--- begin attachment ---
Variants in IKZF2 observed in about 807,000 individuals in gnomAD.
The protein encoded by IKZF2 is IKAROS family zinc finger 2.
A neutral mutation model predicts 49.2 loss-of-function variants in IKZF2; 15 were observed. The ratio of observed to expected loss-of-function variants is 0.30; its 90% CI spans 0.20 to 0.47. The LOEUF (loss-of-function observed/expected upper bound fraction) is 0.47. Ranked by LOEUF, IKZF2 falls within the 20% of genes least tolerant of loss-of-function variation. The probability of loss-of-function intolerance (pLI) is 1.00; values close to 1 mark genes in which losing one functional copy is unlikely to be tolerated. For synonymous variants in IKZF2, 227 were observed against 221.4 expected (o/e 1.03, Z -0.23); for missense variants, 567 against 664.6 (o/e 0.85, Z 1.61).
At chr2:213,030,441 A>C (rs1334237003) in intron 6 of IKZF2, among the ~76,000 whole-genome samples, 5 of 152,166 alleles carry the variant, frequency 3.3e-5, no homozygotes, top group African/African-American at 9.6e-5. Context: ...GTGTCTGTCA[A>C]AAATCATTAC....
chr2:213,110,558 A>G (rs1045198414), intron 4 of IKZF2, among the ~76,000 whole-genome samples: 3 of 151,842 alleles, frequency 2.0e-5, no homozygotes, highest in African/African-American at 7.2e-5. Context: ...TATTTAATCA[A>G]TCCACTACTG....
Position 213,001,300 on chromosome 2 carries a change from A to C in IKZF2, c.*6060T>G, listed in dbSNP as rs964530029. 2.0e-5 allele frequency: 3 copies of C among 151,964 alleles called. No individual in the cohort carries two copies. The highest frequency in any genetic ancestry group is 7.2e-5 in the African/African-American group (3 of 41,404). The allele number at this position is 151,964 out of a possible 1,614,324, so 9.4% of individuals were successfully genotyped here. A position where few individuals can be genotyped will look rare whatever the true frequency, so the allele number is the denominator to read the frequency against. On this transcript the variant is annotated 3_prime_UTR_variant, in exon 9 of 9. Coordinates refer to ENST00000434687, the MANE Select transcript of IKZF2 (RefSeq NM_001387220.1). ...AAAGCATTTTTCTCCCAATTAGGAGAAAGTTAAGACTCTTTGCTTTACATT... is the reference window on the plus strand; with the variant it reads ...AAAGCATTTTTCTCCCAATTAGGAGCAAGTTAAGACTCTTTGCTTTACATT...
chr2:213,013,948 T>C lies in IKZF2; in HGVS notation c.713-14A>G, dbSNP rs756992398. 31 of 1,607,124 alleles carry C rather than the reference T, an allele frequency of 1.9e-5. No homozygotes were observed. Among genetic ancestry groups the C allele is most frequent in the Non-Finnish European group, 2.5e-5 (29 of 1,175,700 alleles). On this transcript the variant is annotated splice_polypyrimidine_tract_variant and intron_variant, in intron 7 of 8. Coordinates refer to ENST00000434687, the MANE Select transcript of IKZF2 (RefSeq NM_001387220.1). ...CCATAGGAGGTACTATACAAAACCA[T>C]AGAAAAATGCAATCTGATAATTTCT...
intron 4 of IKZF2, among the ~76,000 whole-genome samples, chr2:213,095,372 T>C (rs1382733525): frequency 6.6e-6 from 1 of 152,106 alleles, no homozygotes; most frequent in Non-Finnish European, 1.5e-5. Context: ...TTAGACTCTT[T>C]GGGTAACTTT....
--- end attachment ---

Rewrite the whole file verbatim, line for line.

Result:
Variants in IKZF2 observed in about 807,000 individuals in gnomAD.
The protein encoded by IKZF2 is IKAROS family zinc finger 2.
A neutral mutation model predicts 49.2 loss-of-function variants in IKZF2; 15 were observed. The ratio of observed to expected loss-of-function variants is 0.30; its 90% CI spans 0.20 to 0.47. The LOEUF (loss-of-function observed/expected upper bound fraction) is 0.47. Ranked by LOEUF, IKZF2 falls within the 20% of genes least tolerant of loss-of-function variation. The probability of loss-of-function intolerance (pLI) is 1.00; values close to 1 mark genes in which losing one functional copy is unlikely to be tolerated. For synonymous variants in IKZF2, 227 were observed against 221.4 expected (o/e 1.03, Z -0.23); for missense variants, 567 against 664.6 (o/e 0.85, Z 1.61).
At chr2:213,030,441 A>C (rs1334237003) in intron 6 of IKZF2, among the ~76,000 whole-genome samples, 5 of 152,166 alleles carry the variant, frequency 3.3e-5, no homozygotes, top group African/African-American at 9.6e-5. Context: ...GTGTCTGTCA[A>C]AAATCATTAC....
chr2:213,110,558 A>G (rs1045198414), intron 4 of IKZF2, among the ~76,000 whole-genome samples: 3 of 151,842 alleles, frequency 2.0e-5, no homozygotes, highest in African/African-American at 7.2e-5. Context: ...TATTTAATCA[A>G]TCCACTACTG....
Position 213,001,300 on chromosome 2 carries a change from A to C in IKZF2, c.*6060T>G, listed in dbSNP as rs964530029. 2.0e-5 allele frequency: 3 copies of C among 151,964 alleles called. No individual in the cohort carries two copies. The highest frequency in any genetic ancestry group is 7.2e-5 in the African/African-American group (3 of 41,404). The allele number at this position is 151,964 out of a possible 1,614,324, so 9.4% of individuals were successfully genotyped here. A position where few individuals can be genotyped will look rare whatever the true frequency, so the allele number is the denominator to read the frequency against. On this transcript the variant is annotated 3_prime_UTR_variant, in exon 9 of 9. Coordinates refer to ENST00000434687, the MANE Select transcript of IKZF2 (RefSeq NM_001387220.1). ...AAAGCATTTTTCTCCCAATTAGGAGAAAGTTAAGACTCTTTGCTTTACATT... is the reference window on the plus strand; with the variant it reads ...AAAGCATTTTTCTCCCAATTAGGAGCAAGTTAAGACTCTTTGCTTTACATT...
chr2:213,013,948 T>C lies in IKZF2; in HGVS notation c.713-14A>G, dbSNP rs756992398. 31 of 1,607,124 alleles carry C rather than the reference T, an allele frequency of 1.9e-5. No homozygotes were observed. Among genetic ancestry groups the C allele is most frequent in the Non-Finnish European group, 2.5e-5 (29 of 1,175,700 alleles). On this transcript the variant is annotated splice_polypyrimidine_tract_variant and intron_variant, in intron 7 of 8. Coordinates refer to ENST00000434687, the MANE Select transcript of IKZF2 (RefSeq NM_001387220.1). ...CCATAGGAGGTACTATACAAAACCA[T>C]AGAAAAATGCAATCTGATAATTTCT...
intron 4 of IKZF2, among the ~76,000 whole-genome samples, chr2:213,095,372 T>C (rs1382733525): frequency 6.6e-6 from 1 of 152,106 alleles, no homozygotes; most frequent in Non-Finnish European, 1.5e-5. Context: ...TTAGACTCTT[T>C]GGGTAACTTT....